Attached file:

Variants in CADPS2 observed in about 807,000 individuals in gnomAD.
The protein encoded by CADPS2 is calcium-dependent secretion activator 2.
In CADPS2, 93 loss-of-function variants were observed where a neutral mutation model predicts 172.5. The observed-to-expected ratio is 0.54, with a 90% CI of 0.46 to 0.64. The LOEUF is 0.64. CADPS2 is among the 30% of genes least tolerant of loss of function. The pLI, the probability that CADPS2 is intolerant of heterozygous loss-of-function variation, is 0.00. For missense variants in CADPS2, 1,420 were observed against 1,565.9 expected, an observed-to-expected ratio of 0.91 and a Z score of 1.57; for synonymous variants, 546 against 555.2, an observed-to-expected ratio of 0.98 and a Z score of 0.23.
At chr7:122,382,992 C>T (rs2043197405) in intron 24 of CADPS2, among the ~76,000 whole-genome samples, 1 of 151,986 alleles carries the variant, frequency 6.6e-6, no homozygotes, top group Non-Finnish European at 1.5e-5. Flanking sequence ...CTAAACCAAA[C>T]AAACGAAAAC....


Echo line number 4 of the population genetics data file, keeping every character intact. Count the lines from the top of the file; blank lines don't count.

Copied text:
At chr7:122,382,992 C>T (rs2043197405) in intron 24 of CADPS2, among the ~76,000 whole-genome samples, 1 of 151,986 alleles carries the variant, frequency 6.6e-6, no homozygotes, top group Non-Finnish European at 1.5e-5. Flanking sequence ...CTAAACCAAA[C>T]AAACGAAAAC....